Friday, February 6, 2009
Firestarter: California Court Excludes Alternate Suspect Evidence In Trial Of Alleged Serial Arsonist
The trial of an alleged serial arsonist gives me my second opportunity on this blog (here was the first), to address reverse Rule 404(b) evidence, which is convenient because I just addressed this type of evidence in class today.
Raymond Lee Oyler, 38, faces five counts of first-degree murder in connection with a 41,000-acre Esperanza fire that killed five U.S. Forest Service firefighters and destroyed 34 homes. He also faces multiple counts of arson and possessing destructive devices for numerous prior brush fires and could face the death penalty if convicted. Specifically, Oyler is accused of setting 23 fires between May and October 2006, culminating in the Esperanza fire.
And Oyler's case was hindered to a significant extent by two recent occurrences. First of all, "California Department of Justice criminalist Marianne Stam testified Thursday that matches recovered from two June 2006 arson fires were chemically and dimensionally comparable to matches plucked from a box of matches submitted as evidence in the Olyer case.
Secondly, while Oyler's attorney, Mark McDonald, tried to present evidence that a former federal firefighter facing arson charges in Los Angeles County started at least some of the blazes, Judge W. Charles Morgan ruled that evidence inadmissible. Unfortunately, the article on the trial doesn't give any details about this ruling, but I don know that Oyler should not have been per se precluded from admitting this evidence.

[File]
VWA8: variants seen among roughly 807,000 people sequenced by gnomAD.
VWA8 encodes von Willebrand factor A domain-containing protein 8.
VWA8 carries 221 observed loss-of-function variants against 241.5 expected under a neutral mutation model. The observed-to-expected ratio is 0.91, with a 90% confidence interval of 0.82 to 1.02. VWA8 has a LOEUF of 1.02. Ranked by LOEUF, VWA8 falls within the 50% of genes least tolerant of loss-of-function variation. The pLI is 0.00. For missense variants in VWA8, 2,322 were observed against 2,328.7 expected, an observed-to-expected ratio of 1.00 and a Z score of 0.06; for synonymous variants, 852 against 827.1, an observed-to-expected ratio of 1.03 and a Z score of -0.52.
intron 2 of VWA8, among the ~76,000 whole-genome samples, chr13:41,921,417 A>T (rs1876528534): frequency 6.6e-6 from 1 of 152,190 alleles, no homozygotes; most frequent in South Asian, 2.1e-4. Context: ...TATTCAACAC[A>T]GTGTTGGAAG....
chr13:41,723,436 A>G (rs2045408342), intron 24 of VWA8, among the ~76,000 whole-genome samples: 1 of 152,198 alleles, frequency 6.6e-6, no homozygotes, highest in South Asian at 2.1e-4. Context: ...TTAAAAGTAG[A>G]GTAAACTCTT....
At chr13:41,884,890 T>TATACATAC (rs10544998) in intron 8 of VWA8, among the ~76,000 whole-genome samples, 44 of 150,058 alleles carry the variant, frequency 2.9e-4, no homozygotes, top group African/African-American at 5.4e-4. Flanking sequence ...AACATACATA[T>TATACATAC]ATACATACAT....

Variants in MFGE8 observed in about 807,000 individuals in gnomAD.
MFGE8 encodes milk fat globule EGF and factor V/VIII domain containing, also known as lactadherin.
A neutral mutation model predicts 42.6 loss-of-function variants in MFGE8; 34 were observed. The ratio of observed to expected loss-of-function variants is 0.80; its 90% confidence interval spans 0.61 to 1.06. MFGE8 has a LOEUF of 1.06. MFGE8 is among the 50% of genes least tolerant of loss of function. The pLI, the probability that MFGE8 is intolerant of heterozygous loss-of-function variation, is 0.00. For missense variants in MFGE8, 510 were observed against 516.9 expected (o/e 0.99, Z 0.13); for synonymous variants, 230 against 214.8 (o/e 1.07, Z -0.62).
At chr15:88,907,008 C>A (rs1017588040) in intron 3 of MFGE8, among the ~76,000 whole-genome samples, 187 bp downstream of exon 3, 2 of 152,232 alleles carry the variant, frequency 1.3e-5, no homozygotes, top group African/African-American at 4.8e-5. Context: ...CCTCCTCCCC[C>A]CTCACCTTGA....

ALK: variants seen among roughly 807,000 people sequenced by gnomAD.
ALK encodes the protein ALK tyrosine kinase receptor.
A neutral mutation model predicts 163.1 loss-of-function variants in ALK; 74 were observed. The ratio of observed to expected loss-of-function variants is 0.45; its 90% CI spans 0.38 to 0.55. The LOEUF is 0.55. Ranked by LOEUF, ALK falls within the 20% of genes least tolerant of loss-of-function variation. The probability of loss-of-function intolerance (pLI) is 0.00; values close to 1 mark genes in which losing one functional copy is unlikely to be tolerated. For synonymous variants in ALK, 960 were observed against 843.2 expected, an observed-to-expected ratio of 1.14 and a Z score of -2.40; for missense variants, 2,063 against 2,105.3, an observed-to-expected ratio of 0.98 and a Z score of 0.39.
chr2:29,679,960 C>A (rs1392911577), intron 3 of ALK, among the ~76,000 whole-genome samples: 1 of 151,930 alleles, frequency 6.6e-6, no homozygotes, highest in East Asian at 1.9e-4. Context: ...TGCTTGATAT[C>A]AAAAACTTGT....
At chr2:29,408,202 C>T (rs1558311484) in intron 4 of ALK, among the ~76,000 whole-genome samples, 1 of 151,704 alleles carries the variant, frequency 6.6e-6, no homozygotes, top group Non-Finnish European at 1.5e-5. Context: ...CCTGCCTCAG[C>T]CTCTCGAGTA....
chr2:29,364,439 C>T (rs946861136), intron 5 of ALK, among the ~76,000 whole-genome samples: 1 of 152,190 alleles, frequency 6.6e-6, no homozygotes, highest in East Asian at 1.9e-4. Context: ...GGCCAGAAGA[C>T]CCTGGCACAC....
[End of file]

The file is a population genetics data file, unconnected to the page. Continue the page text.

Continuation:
California Evidence Code Section 1101(b) indicates that:
"evidence that a person committed a crime, civil wrong, or other act [is admissible] when relevant to prove some fact (such as motive, opportunity, intent, preparation, plan, knowledge, identity, absence of mistake or accident, or whether a defendant in a prosecution for an unlawful sexual act or attempted unlawful sexual act did not reasonably and in good faith believe that the victim consented) other than his or her disposition to commit such an act."
Now, usually, it is the prosecution presenting evidence of a prior act by a criminal defendant, such as the prosecution presenting evidence of a defendant's prior arsons to prove that he had a common plan or scheme for committing such crimes. However, as I noted in my previous post, "[d]efendants can also use the Rule to introduce so-called reverse 404(b) [or here, reverse Rule 1101(b)] evidence, under which the defendant introduces evidence of other acts of someone besides himself to prove that the other person was the likely perpetrator of the crime. United States v. Della Rose, 403 F.3d 891, 894 (7th Cir. 2005)." And indeed, courts are actually more willing to admit this type of evidence because they are less concerned about unfair prejudice to the prosecution than they are about unfair prejudice to the defendant.
That said, I'm assuming that Oyler had insufficient evidence to link the former firefighter to the crimes and/or some permissible purpose, which is why the court deemed this alternate suspect evidence inadmissible.